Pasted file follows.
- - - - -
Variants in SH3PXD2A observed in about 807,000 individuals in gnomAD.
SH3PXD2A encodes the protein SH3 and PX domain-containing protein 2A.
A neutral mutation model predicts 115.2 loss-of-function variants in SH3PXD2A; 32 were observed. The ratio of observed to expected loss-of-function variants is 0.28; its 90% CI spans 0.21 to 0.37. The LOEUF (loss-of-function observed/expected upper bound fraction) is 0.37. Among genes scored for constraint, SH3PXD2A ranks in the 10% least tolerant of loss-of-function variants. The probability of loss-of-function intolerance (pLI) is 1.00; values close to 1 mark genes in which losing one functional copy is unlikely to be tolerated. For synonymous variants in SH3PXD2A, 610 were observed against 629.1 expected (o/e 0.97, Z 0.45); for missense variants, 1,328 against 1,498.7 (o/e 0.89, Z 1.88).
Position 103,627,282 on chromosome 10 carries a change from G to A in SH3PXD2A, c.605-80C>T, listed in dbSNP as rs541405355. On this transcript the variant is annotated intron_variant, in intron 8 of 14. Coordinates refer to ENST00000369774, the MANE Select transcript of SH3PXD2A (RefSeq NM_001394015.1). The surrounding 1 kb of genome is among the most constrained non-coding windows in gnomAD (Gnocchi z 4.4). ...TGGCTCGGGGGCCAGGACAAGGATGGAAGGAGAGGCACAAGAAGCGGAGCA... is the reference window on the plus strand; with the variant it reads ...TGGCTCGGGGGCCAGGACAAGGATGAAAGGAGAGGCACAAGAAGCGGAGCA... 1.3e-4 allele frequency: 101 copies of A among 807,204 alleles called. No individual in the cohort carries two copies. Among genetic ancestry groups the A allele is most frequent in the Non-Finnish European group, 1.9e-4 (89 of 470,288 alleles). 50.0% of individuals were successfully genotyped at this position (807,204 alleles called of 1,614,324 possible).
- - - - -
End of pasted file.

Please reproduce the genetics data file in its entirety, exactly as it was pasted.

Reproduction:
Variants in SH3PXD2A observed in about 807,000 individuals in gnomAD.
SH3PXD2A encodes the protein SH3 and PX domain-containing protein 2A.
A neutral mutation model predicts 115.2 loss-of-function variants in SH3PXD2A; 32 were observed. The ratio of observed to expected loss-of-function variants is 0.28; its 90% CI spans 0.21 to 0.37. The LOEUF (loss-of-function observed/expected upper bound fraction) is 0.37. Among genes scored for constraint, SH3PXD2A ranks in the 10% least tolerant of loss-of-function variants. The probability of loss-of-function intolerance (pLI) is 1.00; values close to 1 mark genes in which losing one functional copy is unlikely to be tolerated. For synonymous variants in SH3PXD2A, 610 were observed against 629.1 expected (o/e 0.97, Z 0.45); for missense variants, 1,328 against 1,498.7 (o/e 0.89, Z 1.88).
Position 103,627,282 on chromosome 10 carries a change from G to A in SH3PXD2A, c.605-80C>T, listed in dbSNP as rs541405355. On this transcript the variant is annotated intron_variant, in intron 8 of 14. Coordinates refer to ENST00000369774, the MANE Select transcript of SH3PXD2A (RefSeq NM_001394015.1). The surrounding 1 kb of genome is among the most constrained non-coding windows in gnomAD (Gnocchi z 4.4). ...TGGCTCGGGGGCCAGGACAAGGATGGAAGGAGAGGCACAAGAAGCGGAGCA... is the reference window on the plus strand; with the variant it reads ...TGGCTCGGGGGCCAGGACAAGGATGAAAGGAGAGGCACAAGAAGCGGAGCA... 1.3e-4 allele frequency: 101 copies of A among 807,204 alleles called. No individual in the cohort carries two copies. Among genetic ancestry groups the A allele is most frequent in the Non-Finnish European group, 1.9e-4 (89 of 470,288 alleles). 50.0% of individuals were successfully genotyped at this position (807,204 alleles called of 1,614,324 possible).